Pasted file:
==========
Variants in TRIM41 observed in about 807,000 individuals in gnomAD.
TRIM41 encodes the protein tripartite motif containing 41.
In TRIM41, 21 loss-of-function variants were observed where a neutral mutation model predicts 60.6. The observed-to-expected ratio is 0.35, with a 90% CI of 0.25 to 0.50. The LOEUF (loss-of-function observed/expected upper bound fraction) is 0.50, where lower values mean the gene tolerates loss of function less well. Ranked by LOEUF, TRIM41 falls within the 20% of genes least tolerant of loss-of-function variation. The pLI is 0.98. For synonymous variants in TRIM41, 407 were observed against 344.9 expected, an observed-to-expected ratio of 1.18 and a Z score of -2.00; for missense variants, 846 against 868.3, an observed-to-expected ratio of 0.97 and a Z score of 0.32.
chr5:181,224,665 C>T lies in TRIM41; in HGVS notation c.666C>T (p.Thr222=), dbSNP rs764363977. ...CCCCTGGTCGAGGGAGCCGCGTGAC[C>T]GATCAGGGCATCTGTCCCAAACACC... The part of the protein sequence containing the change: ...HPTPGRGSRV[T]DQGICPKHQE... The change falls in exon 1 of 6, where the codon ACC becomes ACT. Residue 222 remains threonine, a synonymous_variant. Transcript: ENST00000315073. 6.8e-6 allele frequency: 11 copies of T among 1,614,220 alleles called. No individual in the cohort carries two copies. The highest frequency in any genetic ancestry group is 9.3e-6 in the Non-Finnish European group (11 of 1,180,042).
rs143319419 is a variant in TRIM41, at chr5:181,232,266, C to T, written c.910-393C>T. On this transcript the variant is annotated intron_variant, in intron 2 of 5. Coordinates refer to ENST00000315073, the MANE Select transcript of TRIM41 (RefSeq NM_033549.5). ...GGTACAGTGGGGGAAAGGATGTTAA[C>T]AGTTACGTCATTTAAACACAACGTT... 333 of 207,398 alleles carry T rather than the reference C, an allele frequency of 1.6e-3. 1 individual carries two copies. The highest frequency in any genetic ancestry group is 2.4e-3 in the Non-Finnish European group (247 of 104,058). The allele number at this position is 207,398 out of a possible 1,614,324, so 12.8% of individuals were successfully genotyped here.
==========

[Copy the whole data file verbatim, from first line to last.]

Variants in TRIM41 observed in about 807,000 individuals in gnomAD.
TRIM41 encodes the protein tripartite motif containing 41.
In TRIM41, 21 loss-of-function variants were observed where a neutral mutation model predicts 60.6. The observed-to-expected ratio is 0.35, with a 90% CI of 0.25 to 0.50. The LOEUF (loss-of-function observed/expected upper bound fraction) is 0.50, where lower values mean the gene tolerates loss of function less well. Ranked by LOEUF, TRIM41 falls within the 20% of genes least tolerant of loss-of-function variation. The pLI is 0.98. For synonymous variants in TRIM41, 407 were observed against 344.9 expected, an observed-to-expected ratio of 1.18 and a Z score of -2.00; for missense variants, 846 against 868.3, an observed-to-expected ratio of 0.97 and a Z score of 0.32.
chr5:181,224,665 C>T lies in TRIM41; in HGVS notation c.666C>T (p.Thr222=), dbSNP rs764363977. ...CCCCTGGTCGAGGGAGCCGCGTGAC[C>T]GATCAGGGCATCTGTCCCAAACACC... The part of the protein sequence containing the change: ...HPTPGRGSRV[T]DQGICPKHQE... The change falls in exon 1 of 6, where the codon ACC becomes ACT. Residue 222 remains threonine, a synonymous_variant. Transcript: ENST00000315073. 6.8e-6 allele frequency: 11 copies of T among 1,614,220 alleles called. No individual in the cohort carries two copies. The highest frequency in any genetic ancestry group is 9.3e-6 in the Non-Finnish European group (11 of 1,180,042).
rs143319419 is a variant in TRIM41, at chr5:181,232,266, C to T, written c.910-393C>T. On this transcript the variant is annotated intron_variant, in intron 2 of 5. Coordinates refer to ENST00000315073, the MANE Select transcript of TRIM41 (RefSeq NM_033549.5). ...GGTACAGTGGGGGAAAGGATGTTAA[C>T]AGTTACGTCATTTAAACACAACGTT... 333 of 207,398 alleles carry T rather than the reference C, an allele frequency of 1.6e-3. 1 individual carries two copies. The highest frequency in any genetic ancestry group is 2.4e-3 in the Non-Finnish European group (247 of 104,058). The allele number at this position is 207,398 out of a possible 1,614,324, so 12.8% of individuals were successfully genotyped here.